What is Financial Misconduct and How Do You Prove it?

Financial misconduct, otherwise known as “dissipation of assets,” in a divorce is when one or both spouses spent, gave away, transferred, converted, or otherwise mismanaged money or assets that would have been subject to property division in divorce. An example of this would be when a wife goes on a business trip and decides to meet up with another man. She picks up the tab for their hotel room and even treats him to an expensive dinner and luxury car rental. She puts it all on her own personal credit card, wrongly assuming that it is her own money to spend. However, it is not. Any money between her and her husband is marital property, and as such, should be spent on the betterment of the union and the family. Because her fling was not for the betterment of the family, it would be considered dissipation of assets.

If you believe that your spouse is guilty of dissipation of assets, inform your Dallas divorce attorney right away. The legal team at Clark Law Group will advise you on what evidence you need to gather to prove your case, and even enlist the help of a forensic accountant if necessary.

Making a Dissipation Claim

When making your claim, you will only need to prove that the frivolous spending was done during the time of the marriage breakdown or that the money was spent for non-marital purposes (gifts, hotel rooms, and airfare for a lover, for instance) during the marriage. So long as you have receipts and bank statements, this should not be too difficult to prove. However, the burden of proof is on you to show that the funds were in fact allocated toward the enjoyment of an extra-marital affair, and not towards a business excursion. This is where text messages, emails, or even pictures would come in handy.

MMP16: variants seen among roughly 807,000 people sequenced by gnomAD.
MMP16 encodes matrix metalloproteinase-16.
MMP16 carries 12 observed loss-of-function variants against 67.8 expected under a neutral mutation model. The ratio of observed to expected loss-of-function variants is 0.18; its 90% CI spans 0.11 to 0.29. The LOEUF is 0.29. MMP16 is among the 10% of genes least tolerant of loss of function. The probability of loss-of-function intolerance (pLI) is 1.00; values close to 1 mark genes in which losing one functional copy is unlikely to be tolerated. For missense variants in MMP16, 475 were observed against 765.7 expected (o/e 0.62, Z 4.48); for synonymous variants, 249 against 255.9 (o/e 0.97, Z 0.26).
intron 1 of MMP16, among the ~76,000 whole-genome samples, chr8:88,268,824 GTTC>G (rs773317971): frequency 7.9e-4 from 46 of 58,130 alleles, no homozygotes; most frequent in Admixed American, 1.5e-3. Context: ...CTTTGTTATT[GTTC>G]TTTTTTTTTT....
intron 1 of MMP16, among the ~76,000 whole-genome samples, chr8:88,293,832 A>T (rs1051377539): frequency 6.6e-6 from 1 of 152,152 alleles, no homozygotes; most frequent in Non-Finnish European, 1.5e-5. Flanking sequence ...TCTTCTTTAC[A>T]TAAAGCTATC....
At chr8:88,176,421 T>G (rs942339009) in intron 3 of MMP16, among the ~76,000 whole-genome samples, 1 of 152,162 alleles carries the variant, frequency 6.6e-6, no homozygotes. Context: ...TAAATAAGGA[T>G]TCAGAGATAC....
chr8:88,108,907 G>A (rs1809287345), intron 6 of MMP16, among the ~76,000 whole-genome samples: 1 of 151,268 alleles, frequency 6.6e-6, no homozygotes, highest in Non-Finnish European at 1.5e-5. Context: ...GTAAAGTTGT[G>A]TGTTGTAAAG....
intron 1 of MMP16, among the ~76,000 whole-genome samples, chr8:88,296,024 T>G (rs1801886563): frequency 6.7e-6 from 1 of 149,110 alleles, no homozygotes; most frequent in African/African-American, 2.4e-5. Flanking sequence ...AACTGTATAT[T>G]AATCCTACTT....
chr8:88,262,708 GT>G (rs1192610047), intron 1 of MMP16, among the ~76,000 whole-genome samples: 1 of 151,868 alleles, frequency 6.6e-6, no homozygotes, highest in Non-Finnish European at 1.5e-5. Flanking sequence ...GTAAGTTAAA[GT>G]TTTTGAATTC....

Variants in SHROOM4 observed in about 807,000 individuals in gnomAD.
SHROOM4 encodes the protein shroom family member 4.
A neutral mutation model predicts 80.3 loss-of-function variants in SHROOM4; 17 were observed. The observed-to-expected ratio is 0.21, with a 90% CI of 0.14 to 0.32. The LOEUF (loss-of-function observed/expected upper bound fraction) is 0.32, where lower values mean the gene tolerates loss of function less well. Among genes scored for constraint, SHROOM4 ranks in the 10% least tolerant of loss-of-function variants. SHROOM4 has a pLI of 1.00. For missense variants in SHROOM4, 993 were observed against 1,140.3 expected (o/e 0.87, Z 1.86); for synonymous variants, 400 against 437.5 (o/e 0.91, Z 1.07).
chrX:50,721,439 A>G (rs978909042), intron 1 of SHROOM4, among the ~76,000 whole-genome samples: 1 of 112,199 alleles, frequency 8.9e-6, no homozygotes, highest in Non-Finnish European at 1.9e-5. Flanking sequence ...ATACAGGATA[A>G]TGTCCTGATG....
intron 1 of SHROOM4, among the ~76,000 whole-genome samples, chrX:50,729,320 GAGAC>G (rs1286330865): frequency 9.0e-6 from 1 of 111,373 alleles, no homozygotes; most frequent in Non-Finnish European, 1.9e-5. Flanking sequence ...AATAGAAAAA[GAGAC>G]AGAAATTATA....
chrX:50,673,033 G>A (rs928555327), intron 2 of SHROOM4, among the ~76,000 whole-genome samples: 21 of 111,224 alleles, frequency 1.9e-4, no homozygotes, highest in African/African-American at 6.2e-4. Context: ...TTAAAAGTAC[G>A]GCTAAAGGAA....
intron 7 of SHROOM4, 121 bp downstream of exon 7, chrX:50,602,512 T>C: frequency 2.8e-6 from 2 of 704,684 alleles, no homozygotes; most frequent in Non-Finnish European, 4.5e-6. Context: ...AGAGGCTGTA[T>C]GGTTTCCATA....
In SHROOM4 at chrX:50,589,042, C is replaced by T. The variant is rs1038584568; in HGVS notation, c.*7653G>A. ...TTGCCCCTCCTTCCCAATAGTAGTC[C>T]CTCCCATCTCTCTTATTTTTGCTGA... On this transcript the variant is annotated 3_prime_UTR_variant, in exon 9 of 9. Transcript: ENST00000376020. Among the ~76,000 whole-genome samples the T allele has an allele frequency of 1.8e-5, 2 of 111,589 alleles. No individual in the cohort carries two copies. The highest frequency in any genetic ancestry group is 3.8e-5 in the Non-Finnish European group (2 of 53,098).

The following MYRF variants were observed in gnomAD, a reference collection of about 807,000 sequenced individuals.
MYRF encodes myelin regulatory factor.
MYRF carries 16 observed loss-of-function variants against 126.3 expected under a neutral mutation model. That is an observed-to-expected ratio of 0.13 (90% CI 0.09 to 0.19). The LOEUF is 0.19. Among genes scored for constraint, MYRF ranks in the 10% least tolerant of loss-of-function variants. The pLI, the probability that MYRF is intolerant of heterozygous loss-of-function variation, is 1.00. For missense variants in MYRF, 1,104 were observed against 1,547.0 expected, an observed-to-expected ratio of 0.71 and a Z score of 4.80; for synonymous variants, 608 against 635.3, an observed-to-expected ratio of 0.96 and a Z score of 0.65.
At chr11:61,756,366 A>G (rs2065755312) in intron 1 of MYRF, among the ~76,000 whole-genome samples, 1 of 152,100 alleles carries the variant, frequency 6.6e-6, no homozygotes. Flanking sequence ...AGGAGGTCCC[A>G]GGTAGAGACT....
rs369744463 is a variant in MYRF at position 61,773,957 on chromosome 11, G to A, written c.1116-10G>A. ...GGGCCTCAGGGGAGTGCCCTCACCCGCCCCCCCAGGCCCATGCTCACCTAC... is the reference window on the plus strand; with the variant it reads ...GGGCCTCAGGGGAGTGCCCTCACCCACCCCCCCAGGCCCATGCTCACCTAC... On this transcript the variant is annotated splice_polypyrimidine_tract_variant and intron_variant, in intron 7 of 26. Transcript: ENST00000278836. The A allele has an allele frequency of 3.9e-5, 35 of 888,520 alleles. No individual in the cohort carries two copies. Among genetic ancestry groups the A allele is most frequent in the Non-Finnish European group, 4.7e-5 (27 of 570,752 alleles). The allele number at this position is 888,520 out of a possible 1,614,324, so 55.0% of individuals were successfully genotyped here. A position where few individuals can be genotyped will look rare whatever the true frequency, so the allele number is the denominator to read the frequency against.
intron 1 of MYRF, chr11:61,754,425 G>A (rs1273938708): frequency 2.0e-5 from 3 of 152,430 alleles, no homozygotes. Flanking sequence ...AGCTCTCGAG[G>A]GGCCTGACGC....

If it can be proved that your spouse is guilty of financial misconduct, the court will appropriately adjust the division of property to offset the dissipation.

It is important to keep your attorney in the loop when making a dissipation claim, as he or she can trace down just about any of your spouse’s former expenditures and produce the necessary documents to make a valid claim.

However, keep in mind that any documents—be they bank statements, withdrawal receipts, or transaction records—can be used against you, as well. If the judge discovers any dissipation on your part, no matter how slight, he or she will be inclined to offset your spouse’s settlement with what you spent, as well.

Reach Out to a Dallas Divorce Attorney

Financial misconduct is a serious concern that many divorcing individuals face. Whether one spouse wants to reduce the amount of assets that he or she owns in order to reduce the amount of possible support payments or simply wants to “get even” with a future-former-spouse, dissipation of assets is a problem that occurs more frequently than most people would believe. That does not make it acceptable, though. If you believe that your spouse was frivolously spending marital assets during your marriage or after the announcement of your divorce, inform your Dallas divorce lawyer right away. At the law offices of Clark Law Group, we can help you recover the receipts and statements necessary to prove your claim so that you may recover the full amount of property owed to you. To consult with a Dallas divorce attorney, call Clark Law Group at (214) 438-1152 today.

(image courtesy of Frank McKenna)

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